When the Space Shuttle disintegrates on re-entry, it spreads a virus that it had acquired on its voyage. Humans seem to become emotionless automatons. For Dr. Carol Bennell, a clinical psychiatrist, she begins to hear of this metamorphosis from her patients who tell her that a loved one is no longer who they once were. She and her friend Dr. Ben Driscoll begin to investigate and she realizes that her ex-husband, Tucker Kaufman, has been infected. Unfortunately, her son Oliver is with him for a weekend visit. She also learns that her son may be the key to ending the epidemic.
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I have read a lot of negative comments about this film, and I know Irisk being accused of being a Nicole Kidman fan, but I really like whatthey did here.To us the shuttle crash as a means to introduce the virus wasbrilliant. The use of "House"-like pictures of what was going on in thebody was also very good.The philosophical underpinnings of this film were also worthcontemplating. Do we have a world without violence by all becomingdittoheads, or do we have conflict and remain human? Some may opt forStepford, but I kinda like having differences.Kidman and Craig did good jobs, and there was enough suspense to makethis a worthwhile film. I won't jump on the Jackson Bond bandwagon,even though he was good, as I feel that Rebecca Windheim set thestandard for 10-year-olds in Black Swarm.
I just couldn't get over an MD (who is a psychiatrist, and should beextremely familiar with psychoactive drugs)searching so franticallythrough the pharmacy for stimulants, and never once just calming downand finding out where they stock the Provigil. Don't want to sleep?That will do it. It was originally used to treat narcolepsy, and now Ibelieve the military, Air Force in particular, is using it. Gotta stayawake for those 20 hour flights without also turning psychotic. Thereis no way in hell she'd never heard of it in her specialty. Suspensionof disbelief went right out the window. I needed to watch Eyes WideShut so at least I could get some Kidman boobie shots.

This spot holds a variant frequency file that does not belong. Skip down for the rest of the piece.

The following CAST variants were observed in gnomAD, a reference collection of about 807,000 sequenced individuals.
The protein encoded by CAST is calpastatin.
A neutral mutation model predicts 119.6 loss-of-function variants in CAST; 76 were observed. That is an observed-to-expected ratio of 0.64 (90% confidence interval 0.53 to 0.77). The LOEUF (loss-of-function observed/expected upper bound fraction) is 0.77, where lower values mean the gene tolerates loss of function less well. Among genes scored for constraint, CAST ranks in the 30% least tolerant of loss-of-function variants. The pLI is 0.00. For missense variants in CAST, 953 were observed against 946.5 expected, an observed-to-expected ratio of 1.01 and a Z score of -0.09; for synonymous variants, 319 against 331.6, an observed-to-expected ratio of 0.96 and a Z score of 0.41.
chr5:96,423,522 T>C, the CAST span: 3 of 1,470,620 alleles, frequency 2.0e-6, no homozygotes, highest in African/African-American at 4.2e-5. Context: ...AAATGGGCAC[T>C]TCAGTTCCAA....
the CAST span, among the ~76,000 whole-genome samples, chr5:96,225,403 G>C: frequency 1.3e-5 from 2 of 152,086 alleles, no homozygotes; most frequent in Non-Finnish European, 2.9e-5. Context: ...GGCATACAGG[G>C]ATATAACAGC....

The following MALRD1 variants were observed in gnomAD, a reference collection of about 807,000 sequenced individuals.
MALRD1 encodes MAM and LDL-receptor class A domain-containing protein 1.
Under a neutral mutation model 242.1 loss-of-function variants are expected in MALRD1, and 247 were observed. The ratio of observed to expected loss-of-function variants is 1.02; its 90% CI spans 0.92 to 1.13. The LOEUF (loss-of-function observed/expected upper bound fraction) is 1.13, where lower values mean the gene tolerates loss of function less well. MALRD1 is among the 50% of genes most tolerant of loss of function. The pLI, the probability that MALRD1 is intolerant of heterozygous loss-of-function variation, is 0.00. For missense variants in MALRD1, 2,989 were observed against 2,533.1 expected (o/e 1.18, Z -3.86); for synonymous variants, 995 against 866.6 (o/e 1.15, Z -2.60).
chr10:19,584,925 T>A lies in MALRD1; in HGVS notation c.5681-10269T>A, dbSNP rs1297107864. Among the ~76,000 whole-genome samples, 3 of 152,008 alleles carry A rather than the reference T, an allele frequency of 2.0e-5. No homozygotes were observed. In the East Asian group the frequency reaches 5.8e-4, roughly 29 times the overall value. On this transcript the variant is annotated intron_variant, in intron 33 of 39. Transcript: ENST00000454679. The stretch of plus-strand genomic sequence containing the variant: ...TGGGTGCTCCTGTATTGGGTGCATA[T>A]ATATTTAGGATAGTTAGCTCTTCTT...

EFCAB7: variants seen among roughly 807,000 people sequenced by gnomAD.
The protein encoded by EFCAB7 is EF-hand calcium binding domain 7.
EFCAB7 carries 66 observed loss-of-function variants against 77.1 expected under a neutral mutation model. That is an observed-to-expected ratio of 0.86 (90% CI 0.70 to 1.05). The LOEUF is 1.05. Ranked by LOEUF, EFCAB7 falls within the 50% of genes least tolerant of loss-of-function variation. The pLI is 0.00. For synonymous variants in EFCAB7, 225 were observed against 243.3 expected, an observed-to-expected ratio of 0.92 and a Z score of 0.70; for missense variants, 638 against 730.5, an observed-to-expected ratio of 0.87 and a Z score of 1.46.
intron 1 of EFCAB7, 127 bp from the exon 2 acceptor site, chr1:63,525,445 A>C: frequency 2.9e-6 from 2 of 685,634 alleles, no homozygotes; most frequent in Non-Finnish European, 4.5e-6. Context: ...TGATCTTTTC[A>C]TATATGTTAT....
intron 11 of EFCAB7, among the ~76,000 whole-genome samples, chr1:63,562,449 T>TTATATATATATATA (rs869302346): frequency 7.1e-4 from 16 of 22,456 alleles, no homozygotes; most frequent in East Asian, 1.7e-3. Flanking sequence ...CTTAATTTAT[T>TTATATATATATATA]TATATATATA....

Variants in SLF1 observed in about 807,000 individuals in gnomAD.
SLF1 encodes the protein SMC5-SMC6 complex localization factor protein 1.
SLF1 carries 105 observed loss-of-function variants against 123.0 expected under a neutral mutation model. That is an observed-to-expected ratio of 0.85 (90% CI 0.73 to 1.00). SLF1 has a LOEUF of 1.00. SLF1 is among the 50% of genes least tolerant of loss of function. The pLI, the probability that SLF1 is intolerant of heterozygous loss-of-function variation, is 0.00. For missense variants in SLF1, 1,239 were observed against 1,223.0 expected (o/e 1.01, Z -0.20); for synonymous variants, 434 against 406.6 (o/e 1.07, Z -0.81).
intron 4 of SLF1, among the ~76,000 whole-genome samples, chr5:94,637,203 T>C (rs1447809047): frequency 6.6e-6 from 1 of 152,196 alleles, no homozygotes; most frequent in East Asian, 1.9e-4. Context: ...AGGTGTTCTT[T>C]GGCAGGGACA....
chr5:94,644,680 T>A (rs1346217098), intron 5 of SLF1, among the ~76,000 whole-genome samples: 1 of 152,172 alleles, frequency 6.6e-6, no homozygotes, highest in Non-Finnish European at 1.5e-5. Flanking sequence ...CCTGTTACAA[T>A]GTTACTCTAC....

There have been many contemporary remakes of older films, like TheManchurian Candidate, Casino Royale, Underneath, or You've Got Mail,that take to the device of anachronizing its timely issues, and thesaid device of it comes off as just that. The Invasion, however,perhaps like Scarface, maintains the tension and sense of entertainmenthad by its preceding versions. A surprising follow-up to OlivierHirschbiegel's incredibly powerful last film, the German docudramaDownfall, his instincts are prevalent in his helming of thisunexpectedly decent Hollywood sci-fi update. The intensity and gravityof his portrait of Hitler's reign deflate from that level to the propersize at which a film like The Invasion works as a satisfying thriller,rather than a thriller that is yet the peak of significance portrayedby your average Hollywood studio director-for-hire in his career sofar.The story is essentially the same as the previous Body Snatcher films,with the adjustment of sociopolitical renovations involving the currentworld affairs that include war and other crises, which act not simplyas an inert part of the film meant to familiarize itself with currentaudiences but also as a way to absorb us further into the concept ofthe world's domination by the pod people, and what they may have tooffer through a perfect world without emotion, even though itdefinitely proves extremely difficult to have fast-paced chasesequences without any emotion on the part of the pod people. Indeed,when a group of them are chasing Kidman and Craig through a passageway,they clearly show frustration, which is an emotion, once they cannotfind them.Beside Nicole Kidman, whose strength as an actress lies in the diligentlogician whose role as a mother suffers agonizing burden, not so unlikeher character in The Others, Jeffrey Wright proves again to be morethan token scenery in a supporting role, and rising guy-movie stapleDaniel Craig continues to show his true colors as an able dramaticactor in the same action-adventure context.